GOP now controls all U.S. Senate seats, governors’ offices and state legislatures in the Deep South.
Bill Cassidy has done what Republicans have tried nearly 20 years to accomplish. He’s beaten Mary Landrieu to become Louisiana’s next United States senator.
Cassidy won 56 percent to 44 percent, with all precincts reporting. A doctor by profession, Cassidy spent most of his professional life working in the LSU charity hospital system. He served in the Louisiana Senate about two years before he was elected to Congress in 2008 over incumbent Democrat Don Cazayoux. He has represented the Baton Rouge-based 6th Congressional District ever since.
Cassidy rode a wave of Republican support that swept the nation during the midterm elections. Voters in Louisiana were angry with President Barack Obama and his policies, particularly the Affordable Care Act. Cassidy used Landrieu’s vote for the law against her to motive people to oust her from office.
Landrieu, who has served for three terms, attempted to make the race about her record of delivering for the state, but she couldn’t shake the Obama connection. Saturday’s election might have brought an end to her political career that began in the Louisiana legislature when she was just 25 years old. The daughter of former New Orleans Mayor Moon Landrieu, she has spent her entire life in the public eye as a member of one of the state’s most prominent families.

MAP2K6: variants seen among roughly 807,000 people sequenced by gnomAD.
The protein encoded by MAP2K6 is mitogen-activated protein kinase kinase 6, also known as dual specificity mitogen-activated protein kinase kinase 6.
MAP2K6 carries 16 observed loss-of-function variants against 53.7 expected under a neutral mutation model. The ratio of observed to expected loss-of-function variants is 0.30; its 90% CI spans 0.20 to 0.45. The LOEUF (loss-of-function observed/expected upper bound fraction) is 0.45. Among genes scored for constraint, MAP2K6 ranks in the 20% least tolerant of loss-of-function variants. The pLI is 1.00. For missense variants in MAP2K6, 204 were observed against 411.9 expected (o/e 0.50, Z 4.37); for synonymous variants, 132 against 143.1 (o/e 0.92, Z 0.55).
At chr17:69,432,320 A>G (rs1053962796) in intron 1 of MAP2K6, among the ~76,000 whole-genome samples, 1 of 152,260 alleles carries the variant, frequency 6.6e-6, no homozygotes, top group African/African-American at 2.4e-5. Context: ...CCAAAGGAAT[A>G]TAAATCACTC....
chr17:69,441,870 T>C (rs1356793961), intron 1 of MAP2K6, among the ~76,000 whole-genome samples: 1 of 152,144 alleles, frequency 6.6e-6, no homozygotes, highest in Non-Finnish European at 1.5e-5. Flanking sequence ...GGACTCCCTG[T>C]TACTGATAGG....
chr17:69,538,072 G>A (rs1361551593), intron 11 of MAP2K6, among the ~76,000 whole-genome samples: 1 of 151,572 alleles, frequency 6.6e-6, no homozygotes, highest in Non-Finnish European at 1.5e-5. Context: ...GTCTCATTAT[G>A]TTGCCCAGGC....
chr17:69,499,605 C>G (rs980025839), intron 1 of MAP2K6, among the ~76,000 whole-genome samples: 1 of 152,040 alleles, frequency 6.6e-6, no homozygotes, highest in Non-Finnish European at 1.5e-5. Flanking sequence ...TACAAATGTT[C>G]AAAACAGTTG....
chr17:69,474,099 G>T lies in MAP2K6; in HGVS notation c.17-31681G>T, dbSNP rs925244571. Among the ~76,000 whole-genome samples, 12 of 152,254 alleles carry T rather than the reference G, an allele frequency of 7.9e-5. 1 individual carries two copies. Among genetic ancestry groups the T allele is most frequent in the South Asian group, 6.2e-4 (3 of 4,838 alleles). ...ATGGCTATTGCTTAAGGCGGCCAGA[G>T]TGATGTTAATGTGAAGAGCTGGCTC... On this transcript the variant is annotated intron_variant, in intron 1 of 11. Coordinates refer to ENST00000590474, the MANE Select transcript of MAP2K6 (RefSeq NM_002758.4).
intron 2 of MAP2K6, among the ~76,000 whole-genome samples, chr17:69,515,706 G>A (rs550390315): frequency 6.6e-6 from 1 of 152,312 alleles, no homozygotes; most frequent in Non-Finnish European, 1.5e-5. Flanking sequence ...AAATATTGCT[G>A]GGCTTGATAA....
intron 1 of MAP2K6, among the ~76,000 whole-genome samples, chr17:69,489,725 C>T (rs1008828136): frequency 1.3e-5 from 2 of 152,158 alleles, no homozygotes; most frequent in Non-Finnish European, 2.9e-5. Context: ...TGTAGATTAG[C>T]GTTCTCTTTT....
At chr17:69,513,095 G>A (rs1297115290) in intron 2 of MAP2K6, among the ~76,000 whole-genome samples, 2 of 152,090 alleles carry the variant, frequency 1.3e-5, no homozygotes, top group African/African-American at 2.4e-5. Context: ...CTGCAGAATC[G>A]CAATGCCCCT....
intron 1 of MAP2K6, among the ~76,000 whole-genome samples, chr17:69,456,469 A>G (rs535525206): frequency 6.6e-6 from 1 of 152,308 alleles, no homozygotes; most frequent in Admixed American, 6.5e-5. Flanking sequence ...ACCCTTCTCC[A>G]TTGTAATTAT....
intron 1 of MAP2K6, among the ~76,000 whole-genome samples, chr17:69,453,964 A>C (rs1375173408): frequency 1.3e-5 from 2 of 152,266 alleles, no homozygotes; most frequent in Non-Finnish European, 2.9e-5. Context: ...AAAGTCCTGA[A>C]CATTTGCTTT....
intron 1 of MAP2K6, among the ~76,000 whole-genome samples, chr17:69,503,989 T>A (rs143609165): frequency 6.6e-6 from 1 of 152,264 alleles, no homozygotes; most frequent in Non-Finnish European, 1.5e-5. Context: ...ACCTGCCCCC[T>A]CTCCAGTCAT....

Landrieu’s seat was the last to fall and now the GOP controls all U.S. Senate seats, governors’ offices and state legislatures in the Deep South. Cassidy is just the second Republican in Louisiana elected to the Senate since Reconstruction, the first being Sen. David Vitter in 2004.
Republicans now hold every statewide elected office in Louisiana.